"I have six cows total, so I'd have to be an idiot not to know," said Ms. Jones. "It concerns me, but for a small farm I don't think that's a real problem. I feel like we're really careful."
Elisha Smith has farmed most of his 84 years on the Vineyard, and he served for many years as chairman of the Martha's Vineyard Agricultural Society. These days his Red Hill Farm on Edgartown Vineyard Haven Road is home to a small heard of beef cattle and some laying chickens. He also works land at three Chilmark farms, which he uses for hay and summer pastureland, so his livestock moves from place to place from season to season.
Mr. Smith sees nothing too intrusive in the animal ID program, and has not opted out. "I think it's a good thing," said Mr. Smith. "I've always had animals ear-tagged so you know where the animal is at any time. It won't hurt anything for everyone to know where every cow is."
Hard work and a little luck have kept Mr. Smith's animals healthy in recent times, but he had experience many years ago with an infectious epidemic. "I remember back when they first started to TB (tuberculosis) test them, way back in the '30's," said Mr. Smith. "There were 30-40 dairy farms here, and most of the them lost at least half their herds. The state was giving you $25 a head, and the federal government would give you $25."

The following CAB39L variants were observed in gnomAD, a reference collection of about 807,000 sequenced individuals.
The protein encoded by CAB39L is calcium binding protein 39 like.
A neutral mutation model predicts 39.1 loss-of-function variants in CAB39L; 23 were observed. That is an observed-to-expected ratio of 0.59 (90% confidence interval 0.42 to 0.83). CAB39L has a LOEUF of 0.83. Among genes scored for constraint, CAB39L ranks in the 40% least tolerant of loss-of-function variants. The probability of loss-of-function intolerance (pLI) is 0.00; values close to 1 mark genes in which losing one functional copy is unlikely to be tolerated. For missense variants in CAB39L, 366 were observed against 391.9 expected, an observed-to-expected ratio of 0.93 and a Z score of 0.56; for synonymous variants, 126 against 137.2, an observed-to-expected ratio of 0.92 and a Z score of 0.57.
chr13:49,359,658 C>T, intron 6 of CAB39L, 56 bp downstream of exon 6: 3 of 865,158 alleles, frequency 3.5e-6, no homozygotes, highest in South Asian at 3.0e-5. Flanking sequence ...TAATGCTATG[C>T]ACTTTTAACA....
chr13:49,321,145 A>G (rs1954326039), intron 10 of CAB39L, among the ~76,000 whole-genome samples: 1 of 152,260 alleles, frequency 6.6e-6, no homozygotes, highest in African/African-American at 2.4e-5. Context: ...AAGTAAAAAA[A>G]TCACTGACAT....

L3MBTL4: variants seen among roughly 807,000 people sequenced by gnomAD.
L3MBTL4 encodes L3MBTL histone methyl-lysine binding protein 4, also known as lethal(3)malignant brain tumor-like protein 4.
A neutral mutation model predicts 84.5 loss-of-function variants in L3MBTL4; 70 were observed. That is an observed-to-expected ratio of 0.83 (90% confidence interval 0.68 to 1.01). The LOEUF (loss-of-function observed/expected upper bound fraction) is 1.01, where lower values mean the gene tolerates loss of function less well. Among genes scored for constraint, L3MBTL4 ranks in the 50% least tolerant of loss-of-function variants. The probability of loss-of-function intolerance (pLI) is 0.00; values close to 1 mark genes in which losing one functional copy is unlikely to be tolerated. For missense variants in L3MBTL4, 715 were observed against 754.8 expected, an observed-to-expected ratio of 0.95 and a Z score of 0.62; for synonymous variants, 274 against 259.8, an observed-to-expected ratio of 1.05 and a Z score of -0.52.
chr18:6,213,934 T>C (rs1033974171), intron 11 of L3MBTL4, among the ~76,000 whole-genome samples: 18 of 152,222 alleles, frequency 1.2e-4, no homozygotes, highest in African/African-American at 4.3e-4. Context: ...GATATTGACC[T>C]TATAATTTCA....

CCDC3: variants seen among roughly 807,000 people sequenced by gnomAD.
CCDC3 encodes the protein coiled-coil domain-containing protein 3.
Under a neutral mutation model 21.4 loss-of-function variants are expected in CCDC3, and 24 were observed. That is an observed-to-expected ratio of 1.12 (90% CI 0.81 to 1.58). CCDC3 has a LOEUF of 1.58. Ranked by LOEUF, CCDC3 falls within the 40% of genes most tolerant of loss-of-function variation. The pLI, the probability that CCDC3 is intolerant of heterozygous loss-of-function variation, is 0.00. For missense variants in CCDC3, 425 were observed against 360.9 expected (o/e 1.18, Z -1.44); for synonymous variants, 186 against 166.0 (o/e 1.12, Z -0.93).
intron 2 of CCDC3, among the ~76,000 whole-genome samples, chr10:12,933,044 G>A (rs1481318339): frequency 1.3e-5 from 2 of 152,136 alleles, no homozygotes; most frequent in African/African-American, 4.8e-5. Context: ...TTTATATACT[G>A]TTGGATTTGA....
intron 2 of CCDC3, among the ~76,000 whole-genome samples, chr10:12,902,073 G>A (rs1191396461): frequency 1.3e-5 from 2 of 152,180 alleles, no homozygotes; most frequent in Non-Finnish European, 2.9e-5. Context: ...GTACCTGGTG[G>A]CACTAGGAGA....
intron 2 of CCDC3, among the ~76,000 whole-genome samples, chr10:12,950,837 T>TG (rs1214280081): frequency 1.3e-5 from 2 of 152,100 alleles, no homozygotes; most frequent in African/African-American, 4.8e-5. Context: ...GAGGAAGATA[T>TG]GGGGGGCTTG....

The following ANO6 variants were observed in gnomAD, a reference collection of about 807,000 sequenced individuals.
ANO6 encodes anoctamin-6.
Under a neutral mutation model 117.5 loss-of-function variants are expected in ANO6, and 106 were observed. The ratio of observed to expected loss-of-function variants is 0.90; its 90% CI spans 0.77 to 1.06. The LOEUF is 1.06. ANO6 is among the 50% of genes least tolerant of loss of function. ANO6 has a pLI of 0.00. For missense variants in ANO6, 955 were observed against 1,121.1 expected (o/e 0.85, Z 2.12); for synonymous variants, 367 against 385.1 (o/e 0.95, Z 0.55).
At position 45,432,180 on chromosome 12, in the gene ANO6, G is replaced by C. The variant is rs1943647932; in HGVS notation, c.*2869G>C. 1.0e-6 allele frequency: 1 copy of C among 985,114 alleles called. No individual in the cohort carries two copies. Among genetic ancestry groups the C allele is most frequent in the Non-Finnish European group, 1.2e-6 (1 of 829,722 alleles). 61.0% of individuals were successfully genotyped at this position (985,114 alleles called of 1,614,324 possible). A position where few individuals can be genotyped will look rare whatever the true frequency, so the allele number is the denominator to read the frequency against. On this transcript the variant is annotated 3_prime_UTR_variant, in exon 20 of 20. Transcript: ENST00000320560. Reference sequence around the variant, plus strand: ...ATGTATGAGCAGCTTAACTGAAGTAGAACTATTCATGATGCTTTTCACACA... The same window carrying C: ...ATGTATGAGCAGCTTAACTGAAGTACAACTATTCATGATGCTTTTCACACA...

While tuberculosis is no longer a threat, Mr. Cahill believes the information being gathered is essential to containing exactly that kind of an outbreak. The program's goal is to identify the source of an infection within 48 hours of discovery.
"What we're trying to do is share the information now, so we're not wasting three or four days sending data back and forth," said Mr. Cahill. Tracking an animal from birth is the only way to quickly isolate the source of a long gestating disease like BSE, he said, citing the 2006 case of a 10-year-old cow in Alabama that was found to have the disease. The effort to trace the origin of the cow took more than a month, involved 37 farms, and USDA investigators still could not determine the herd of origin.